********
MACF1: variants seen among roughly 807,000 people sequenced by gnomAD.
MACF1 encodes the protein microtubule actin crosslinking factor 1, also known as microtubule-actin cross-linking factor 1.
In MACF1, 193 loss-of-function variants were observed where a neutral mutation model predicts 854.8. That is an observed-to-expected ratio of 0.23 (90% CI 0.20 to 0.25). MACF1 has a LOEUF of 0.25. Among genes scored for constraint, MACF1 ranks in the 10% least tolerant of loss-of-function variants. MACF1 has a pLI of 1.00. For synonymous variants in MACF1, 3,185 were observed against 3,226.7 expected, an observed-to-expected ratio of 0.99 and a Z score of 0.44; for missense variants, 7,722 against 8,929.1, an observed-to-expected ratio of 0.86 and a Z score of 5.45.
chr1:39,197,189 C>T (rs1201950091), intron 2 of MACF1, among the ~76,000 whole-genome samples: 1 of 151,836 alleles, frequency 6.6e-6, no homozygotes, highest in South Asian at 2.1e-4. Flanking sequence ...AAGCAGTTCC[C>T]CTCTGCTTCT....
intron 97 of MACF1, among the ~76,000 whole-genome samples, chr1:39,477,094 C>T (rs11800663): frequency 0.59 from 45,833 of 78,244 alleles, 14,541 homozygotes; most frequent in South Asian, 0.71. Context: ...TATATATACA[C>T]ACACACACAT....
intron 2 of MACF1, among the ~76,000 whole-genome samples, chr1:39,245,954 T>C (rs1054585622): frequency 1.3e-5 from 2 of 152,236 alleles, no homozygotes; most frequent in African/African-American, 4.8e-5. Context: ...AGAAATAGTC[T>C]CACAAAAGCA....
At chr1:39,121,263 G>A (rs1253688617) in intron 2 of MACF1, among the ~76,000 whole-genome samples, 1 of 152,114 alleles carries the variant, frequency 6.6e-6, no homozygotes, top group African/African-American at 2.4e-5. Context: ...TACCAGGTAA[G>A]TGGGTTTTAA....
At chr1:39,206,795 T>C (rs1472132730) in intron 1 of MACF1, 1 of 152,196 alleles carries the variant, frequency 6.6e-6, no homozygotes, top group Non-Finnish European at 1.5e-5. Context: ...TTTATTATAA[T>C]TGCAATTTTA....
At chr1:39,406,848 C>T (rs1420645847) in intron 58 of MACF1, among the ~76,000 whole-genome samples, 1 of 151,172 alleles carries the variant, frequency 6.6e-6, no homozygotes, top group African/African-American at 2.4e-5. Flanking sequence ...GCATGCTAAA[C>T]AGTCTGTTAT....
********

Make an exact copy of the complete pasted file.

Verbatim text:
MACF1: variants seen among roughly 807,000 people sequenced by gnomAD.
MACF1 encodes the protein microtubule actin crosslinking factor 1, also known as microtubule-actin cross-linking factor 1.
In MACF1, 193 loss-of-function variants were observed where a neutral mutation model predicts 854.8. That is an observed-to-expected ratio of 0.23 (90% CI 0.20 to 0.25). MACF1 has a LOEUF of 0.25. Among genes scored for constraint, MACF1 ranks in the 10% least tolerant of loss-of-function variants. MACF1 has a pLI of 1.00. For synonymous variants in MACF1, 3,185 were observed against 3,226.7 expected, an observed-to-expected ratio of 0.99 and a Z score of 0.44; for missense variants, 7,722 against 8,929.1, an observed-to-expected ratio of 0.86 and a Z score of 5.45.
chr1:39,197,189 C>T (rs1201950091), intron 2 of MACF1, among the ~76,000 whole-genome samples: 1 of 151,836 alleles, frequency 6.6e-6, no homozygotes, highest in South Asian at 2.1e-4. Flanking sequence ...AAGCAGTTCC[C>T]CTCTGCTTCT....
intron 97 of MACF1, among the ~76,000 whole-genome samples, chr1:39,477,094 C>T (rs11800663): frequency 0.59 from 45,833 of 78,244 alleles, 14,541 homozygotes; most frequent in South Asian, 0.71. Context: ...TATATATACA[C>T]ACACACACAT....
intron 2 of MACF1, among the ~76,000 whole-genome samples, chr1:39,245,954 T>C (rs1054585622): frequency 1.3e-5 from 2 of 152,236 alleles, no homozygotes; most frequent in African/African-American, 4.8e-5. Context: ...AGAAATAGTC[T>C]CACAAAAGCA....
At chr1:39,121,263 G>A (rs1253688617) in intron 2 of MACF1, among the ~76,000 whole-genome samples, 1 of 152,114 alleles carries the variant, frequency 6.6e-6, no homozygotes, top group African/African-American at 2.4e-5. Context: ...TACCAGGTAA[G>A]TGGGTTTTAA....
At chr1:39,206,795 T>C (rs1472132730) in intron 1 of MACF1, 1 of 152,196 alleles carries the variant, frequency 6.6e-6, no homozygotes, top group Non-Finnish European at 1.5e-5. Context: ...TTTATTATAA[T>C]TGCAATTTTA....
At chr1:39,406,848 C>T (rs1420645847) in intron 58 of MACF1, among the ~76,000 whole-genome samples, 1 of 151,172 alleles carries the variant, frequency 6.6e-6, no homozygotes, top group African/African-American at 2.4e-5. Flanking sequence ...GCATGCTAAA[C>T]AGTCTGTTAT....